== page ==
$815 per person in individual and corporate income
rates. Various other popular studies rank Montana as having
taxes, ranking Montana 30th (#1 being the highest
the 8th, 19th or 26th best business climate .
Facts About Montana’s Business Climate
Main S tre e t
For Montana by Montanans
Pro j e c t
Overall, Montanans paid $3,248 per person in taxes,
The positive facts will be addressed with better marketing
Known worldwide for majestic mountain ranges, blue-ribbon
From the get-go, the Main Street Montana Project team has
ranking us among the 15 states with the lowest tax burdens
of Montana to tourists, businesses, and potential workers.
fly-fishing, and rolling fields of grain, Montana’s beautiful
been determined to produce a dynamic plan—a blueprint that
(38th out of 50 states with the first having the highest
This marketing represents a major pillar in the Montana
and diverse landscapes have long captured the imagination of
will shape the economic growth and vitality of our state.
taxes). The taxes per person are higher in our neighboring
Main Street Montana Project efforts. In addition, we must
visitors and residents alike.
states of North Dakota and Wyoming, but lower in South
work to address misconceptions within Montana about our
Dakota and Idaho.
Montana’s tax burden per person is
state and government structure, which could be achieved
lower than some other states because our state benefits
by improving communication between governments and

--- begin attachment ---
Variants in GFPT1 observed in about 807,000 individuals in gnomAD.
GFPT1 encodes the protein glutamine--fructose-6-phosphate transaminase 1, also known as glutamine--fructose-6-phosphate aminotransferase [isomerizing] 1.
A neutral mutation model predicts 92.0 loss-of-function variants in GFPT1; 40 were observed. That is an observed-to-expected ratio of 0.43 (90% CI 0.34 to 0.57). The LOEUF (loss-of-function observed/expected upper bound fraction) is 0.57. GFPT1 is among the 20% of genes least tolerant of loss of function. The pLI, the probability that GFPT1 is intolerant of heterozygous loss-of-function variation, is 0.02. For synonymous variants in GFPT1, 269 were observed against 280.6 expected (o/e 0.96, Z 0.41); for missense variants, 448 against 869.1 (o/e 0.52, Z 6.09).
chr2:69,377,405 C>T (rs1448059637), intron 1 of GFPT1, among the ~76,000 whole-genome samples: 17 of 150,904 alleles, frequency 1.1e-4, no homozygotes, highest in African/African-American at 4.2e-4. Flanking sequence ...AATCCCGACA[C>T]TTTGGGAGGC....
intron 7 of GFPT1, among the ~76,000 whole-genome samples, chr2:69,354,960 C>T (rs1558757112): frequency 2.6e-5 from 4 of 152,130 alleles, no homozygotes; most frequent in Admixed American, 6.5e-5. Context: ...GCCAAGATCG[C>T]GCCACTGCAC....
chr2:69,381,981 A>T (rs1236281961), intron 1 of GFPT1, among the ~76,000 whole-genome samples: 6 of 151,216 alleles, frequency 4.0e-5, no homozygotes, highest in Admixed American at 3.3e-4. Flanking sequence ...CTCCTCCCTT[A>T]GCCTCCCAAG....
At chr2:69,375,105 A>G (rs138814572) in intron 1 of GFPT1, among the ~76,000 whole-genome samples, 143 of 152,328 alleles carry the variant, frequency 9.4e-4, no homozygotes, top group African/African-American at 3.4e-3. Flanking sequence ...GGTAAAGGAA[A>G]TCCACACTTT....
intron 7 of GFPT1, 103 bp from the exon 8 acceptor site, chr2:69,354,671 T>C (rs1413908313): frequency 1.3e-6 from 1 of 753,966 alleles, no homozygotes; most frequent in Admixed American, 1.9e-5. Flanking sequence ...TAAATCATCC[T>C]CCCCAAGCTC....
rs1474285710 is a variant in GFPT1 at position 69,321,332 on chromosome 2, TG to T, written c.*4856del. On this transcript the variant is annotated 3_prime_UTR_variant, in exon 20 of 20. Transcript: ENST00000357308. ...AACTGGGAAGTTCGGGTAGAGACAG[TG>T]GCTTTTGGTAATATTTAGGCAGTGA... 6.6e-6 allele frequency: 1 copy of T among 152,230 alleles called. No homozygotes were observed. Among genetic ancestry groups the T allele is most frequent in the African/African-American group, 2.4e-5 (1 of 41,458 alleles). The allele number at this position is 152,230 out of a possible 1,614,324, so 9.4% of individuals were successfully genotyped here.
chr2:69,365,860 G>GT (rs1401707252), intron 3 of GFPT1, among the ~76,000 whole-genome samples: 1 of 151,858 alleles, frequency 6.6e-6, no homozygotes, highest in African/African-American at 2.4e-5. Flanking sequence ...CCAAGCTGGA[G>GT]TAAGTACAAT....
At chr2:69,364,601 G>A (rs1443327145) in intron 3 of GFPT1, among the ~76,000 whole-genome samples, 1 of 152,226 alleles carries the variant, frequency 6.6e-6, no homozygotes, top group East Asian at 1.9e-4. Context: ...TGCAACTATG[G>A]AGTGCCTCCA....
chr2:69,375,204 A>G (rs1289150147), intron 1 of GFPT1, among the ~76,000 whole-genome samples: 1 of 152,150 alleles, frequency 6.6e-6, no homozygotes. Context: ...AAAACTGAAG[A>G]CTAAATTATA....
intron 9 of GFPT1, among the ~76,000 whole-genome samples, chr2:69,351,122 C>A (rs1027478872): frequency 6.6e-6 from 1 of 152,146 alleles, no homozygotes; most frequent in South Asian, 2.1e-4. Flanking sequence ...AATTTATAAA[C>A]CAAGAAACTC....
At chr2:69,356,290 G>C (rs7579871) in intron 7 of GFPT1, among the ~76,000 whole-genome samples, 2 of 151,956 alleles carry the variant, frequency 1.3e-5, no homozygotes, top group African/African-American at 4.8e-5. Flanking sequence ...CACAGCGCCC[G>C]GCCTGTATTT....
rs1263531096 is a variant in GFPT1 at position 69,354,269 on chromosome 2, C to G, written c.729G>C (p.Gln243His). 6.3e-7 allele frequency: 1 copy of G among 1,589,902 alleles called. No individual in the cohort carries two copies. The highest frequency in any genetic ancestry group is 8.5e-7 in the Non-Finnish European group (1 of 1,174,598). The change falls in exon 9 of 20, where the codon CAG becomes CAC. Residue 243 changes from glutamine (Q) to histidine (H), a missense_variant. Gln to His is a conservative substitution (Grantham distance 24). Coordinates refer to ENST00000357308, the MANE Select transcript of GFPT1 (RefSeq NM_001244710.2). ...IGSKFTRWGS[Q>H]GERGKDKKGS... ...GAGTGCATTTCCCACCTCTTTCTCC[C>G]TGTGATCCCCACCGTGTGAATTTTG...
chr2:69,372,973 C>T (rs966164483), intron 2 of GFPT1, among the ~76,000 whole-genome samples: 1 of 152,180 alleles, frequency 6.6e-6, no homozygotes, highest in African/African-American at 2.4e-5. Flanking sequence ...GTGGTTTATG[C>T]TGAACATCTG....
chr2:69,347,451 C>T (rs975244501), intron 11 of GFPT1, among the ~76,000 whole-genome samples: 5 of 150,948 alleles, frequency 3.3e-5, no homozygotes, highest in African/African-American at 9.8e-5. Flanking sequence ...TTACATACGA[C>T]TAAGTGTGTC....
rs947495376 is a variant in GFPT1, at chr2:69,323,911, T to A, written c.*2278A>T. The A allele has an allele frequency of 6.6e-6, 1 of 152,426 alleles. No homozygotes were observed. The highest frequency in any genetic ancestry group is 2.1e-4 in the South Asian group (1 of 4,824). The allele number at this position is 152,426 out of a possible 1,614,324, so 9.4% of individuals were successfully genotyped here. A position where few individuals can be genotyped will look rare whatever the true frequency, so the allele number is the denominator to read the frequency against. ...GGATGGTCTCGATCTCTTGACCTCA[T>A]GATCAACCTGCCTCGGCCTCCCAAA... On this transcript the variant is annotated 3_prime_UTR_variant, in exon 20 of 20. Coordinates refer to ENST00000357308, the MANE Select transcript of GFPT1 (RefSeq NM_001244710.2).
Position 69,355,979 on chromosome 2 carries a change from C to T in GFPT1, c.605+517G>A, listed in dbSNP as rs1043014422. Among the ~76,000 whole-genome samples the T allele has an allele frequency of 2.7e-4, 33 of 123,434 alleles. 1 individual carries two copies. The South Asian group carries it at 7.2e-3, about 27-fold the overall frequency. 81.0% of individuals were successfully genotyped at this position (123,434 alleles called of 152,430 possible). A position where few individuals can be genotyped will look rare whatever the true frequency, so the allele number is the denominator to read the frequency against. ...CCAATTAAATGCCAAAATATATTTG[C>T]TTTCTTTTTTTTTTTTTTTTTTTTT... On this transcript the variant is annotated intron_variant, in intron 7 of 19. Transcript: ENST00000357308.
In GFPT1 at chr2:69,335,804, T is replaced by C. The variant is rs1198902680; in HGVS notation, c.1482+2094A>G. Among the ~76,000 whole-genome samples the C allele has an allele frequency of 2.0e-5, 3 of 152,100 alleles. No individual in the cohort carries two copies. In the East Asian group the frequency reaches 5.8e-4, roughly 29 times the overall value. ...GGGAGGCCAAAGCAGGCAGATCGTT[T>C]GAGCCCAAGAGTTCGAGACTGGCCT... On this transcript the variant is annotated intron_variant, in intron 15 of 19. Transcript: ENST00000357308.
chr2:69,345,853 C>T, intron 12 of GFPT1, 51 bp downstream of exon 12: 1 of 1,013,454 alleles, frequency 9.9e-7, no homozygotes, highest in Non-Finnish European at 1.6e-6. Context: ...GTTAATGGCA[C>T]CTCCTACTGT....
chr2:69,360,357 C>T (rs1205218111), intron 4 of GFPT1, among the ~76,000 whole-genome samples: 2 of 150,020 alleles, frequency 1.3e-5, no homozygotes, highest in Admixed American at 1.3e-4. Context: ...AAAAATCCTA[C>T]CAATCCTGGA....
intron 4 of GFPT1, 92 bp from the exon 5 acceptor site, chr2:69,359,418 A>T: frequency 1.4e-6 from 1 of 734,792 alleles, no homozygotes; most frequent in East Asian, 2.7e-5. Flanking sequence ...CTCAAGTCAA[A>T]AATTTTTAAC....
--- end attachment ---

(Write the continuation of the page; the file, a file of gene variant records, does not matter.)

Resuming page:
from oil and gas tax revenues, which allow government
taxpayers, and improving customer service in government.
services to be financed using oil and gas taxes instead of
Information about our state, its tax structure, permitting
other tax types that are more directly levied on Montana
processes, and economy should be easily accessible to
Montanans are some of the hardest working people in the
Belknap. The Main Street Montana Project embraces that
residents and businesses.
Montanans and non-Montanans alike.
world. When we set out to write an economic blueprint for
diversity and champions the exceptional traits that make each
the State of Montana, we knew that a visit to Montana’s Main
region unique.
Although the combination of taxes (and the multiple
Rich in natural resources, Montana has truly earned its
respond to the changing and expanding needs of our dynamic
signature title “Treasure State.” But Montana’s greatest
economy. It will not be left on the shelf.
resource—its secret ingredient—is and always will be its
Streets would yield the best results.
methods of ranking tax burdens) can create confusion, Main
Street Montana Project leaders and survey respondents
alike understand that a competitive tax structure is an
important component in having a healthy business climate
in our state. Further, businesses and individuals must
feel as though they are getting good value for their tax
dollar with competent customer service from government
This plan is a living document. It will grow, mature and
We also know that Montana is a diverse state. The solutions
that work in Kalispell may not be the best options for Ft.
In every community, businesses, workers, educators, local
The Main Street Montana Project has been an historic
elected officials and economic development organizations
collaboration of Montanans from every walk of life. Business
work hard every day to improve their hometowns and open the
owners and workers, manufacturers and educators, city-
doors of opportunity for their families, friends and neighbors.
dwellers and farmers—residents of every one of our 56
The Main Street Montana Project recognizes and has great
counties have answered Governor Bullock’s call for the best